Now that you have your hiring criteria, what questions need to be asked at the interview? Well, in addition to determining the skills needed and the personality needed, you also want to discover one additional thing: does the candidate mesh well with your company culture? This wouldn’t be a good job interview tips post without this question.

Here are a few tips to help you start off on the right track.

In a moment, I’ll give you a sample list of interview questions. First, though, let’s talk about the values part. This suggestion is one of those tips that has absolutely revolutionized how we hire.

Ask Questions to Determine the Values that You Want in a Team Member

Just before Covid hit in 2020, my executives and I set an audacious goal to quadruple the size of the company. (I know. The timing was awful.) We knew that the most important thing to help us get that goal was to hire new candidates. We also knew that the company revenue had plateaued a few years ago. I realized that to get to the next plateau, we most likely would need to make some changes in personnel.

One of our team members had a brilliant idea. We have a list of our corporate core values that we live by. Why not score our team members based on each of these core values? To experiment, I and the other two executives scored each other. Not surprisingly, each of us scored pretty high in each of the areas.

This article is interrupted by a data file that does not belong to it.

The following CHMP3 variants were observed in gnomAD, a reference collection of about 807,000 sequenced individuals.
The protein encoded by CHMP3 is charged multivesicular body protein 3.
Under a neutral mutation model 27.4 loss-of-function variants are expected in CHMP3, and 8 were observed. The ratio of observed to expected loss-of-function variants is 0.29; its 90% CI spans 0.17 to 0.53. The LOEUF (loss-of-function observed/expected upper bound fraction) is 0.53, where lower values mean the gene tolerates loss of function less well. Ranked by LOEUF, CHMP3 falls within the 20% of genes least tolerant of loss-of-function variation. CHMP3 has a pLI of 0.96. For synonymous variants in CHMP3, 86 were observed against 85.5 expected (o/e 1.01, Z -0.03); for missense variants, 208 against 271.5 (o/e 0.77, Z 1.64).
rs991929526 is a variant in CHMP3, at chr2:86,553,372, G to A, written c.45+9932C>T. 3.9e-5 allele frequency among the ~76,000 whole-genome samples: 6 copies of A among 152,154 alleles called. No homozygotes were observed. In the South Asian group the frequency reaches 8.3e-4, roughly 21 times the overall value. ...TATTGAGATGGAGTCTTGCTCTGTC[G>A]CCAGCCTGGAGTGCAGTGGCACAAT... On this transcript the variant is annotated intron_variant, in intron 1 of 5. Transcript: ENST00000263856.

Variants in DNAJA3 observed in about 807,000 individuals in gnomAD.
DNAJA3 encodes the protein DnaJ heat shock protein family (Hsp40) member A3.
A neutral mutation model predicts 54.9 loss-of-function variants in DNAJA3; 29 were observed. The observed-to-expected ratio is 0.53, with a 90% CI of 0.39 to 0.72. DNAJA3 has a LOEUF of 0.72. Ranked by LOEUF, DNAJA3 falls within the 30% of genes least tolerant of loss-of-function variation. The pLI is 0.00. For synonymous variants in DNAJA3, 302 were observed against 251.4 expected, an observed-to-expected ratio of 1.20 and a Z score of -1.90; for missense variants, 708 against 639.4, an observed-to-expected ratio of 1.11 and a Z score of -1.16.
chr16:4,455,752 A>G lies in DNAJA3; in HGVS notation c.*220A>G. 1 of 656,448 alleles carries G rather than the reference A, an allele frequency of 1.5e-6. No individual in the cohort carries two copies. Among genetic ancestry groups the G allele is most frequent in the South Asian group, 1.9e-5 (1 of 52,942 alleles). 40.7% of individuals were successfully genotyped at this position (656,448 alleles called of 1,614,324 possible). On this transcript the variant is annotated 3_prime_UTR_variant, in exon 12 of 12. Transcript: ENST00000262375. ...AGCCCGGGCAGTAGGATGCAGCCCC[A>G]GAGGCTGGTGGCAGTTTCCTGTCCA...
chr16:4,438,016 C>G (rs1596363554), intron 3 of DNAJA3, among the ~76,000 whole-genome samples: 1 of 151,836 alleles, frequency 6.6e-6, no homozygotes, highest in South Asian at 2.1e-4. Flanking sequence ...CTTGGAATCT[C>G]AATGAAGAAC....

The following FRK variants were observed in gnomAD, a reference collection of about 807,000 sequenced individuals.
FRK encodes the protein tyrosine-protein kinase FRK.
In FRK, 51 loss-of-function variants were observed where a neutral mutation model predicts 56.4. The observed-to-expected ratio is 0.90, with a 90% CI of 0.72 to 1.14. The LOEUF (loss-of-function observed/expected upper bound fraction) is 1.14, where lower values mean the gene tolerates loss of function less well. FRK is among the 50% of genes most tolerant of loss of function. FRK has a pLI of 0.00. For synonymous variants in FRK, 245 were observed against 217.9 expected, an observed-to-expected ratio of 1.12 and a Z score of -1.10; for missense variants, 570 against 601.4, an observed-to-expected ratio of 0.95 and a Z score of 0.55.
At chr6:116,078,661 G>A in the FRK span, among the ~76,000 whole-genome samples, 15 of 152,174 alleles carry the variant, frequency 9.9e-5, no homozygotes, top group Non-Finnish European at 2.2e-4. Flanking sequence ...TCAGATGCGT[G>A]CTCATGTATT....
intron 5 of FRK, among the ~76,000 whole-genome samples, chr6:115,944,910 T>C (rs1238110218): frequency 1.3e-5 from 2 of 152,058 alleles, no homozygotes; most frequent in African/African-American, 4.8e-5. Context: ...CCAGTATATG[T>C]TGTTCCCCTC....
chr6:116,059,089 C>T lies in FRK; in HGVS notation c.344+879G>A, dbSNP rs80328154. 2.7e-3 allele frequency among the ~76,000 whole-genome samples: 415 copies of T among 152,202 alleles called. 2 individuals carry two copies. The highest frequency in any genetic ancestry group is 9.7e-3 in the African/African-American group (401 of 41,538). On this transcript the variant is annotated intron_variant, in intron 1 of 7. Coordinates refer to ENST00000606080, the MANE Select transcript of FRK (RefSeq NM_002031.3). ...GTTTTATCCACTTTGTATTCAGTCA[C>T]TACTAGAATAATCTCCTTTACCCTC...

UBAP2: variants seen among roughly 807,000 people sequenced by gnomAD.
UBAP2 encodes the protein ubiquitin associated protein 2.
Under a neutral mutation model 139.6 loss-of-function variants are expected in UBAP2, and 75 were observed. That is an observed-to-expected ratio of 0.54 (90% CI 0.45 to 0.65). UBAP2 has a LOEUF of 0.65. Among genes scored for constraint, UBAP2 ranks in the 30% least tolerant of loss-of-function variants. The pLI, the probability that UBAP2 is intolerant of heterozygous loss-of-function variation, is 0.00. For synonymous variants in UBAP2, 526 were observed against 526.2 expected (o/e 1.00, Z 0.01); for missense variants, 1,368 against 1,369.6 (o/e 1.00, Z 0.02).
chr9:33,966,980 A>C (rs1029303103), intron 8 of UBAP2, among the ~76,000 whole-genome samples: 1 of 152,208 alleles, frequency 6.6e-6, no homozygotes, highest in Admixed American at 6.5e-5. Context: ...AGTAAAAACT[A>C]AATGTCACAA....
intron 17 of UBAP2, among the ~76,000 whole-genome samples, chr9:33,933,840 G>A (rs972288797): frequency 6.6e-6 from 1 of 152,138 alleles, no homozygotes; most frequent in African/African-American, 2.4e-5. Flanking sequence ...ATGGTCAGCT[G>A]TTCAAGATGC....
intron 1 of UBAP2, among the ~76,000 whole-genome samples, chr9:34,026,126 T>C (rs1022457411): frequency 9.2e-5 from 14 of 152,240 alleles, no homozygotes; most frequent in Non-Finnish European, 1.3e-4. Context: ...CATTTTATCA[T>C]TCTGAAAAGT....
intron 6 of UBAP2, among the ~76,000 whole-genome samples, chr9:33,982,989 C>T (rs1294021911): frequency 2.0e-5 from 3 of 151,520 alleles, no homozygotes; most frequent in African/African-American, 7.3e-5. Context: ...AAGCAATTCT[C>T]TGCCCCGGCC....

Next, we each scored every single one of our team members. Interestingly, the team members who scored very high in our values were also the ones who appeared to be the most productive for the company as well. The ones who scored lower were more mediocre by comparison.

This was one of our best job interview tips we came up with. The technique worked so well for our current team, that we made it a part of the hiring process. So, in addition to asking questions to determine the skills of the candidate, we now ask questions to help us determine their values as well.

For instance, core value number one at our company is responsiveness. We send out an email asking candidates to go to our calendar and set up a meeting. We automatically exclude candidates who take more than a day to respond.

Here Is a Set of Sample Interview Questions to Help You Determine Skills, Personality, and Their Values

For your next interview, try out these open-ended questions. I recommend doing an in-person interview whenever possible, as it’s important to see the interview skills of your candidate.

Obviously, these are just a few sample questions. You will likely want to pick questions that more immediately relate to the position you are filling. These questions are open-ended and are a great way to get interview responses beyond “yes” or “no.” Candidates eager to make a great first impression will use this opportunity to respond with strong answers and follow-up questions.

Questions to Avoid When You Interview Candidates for a Job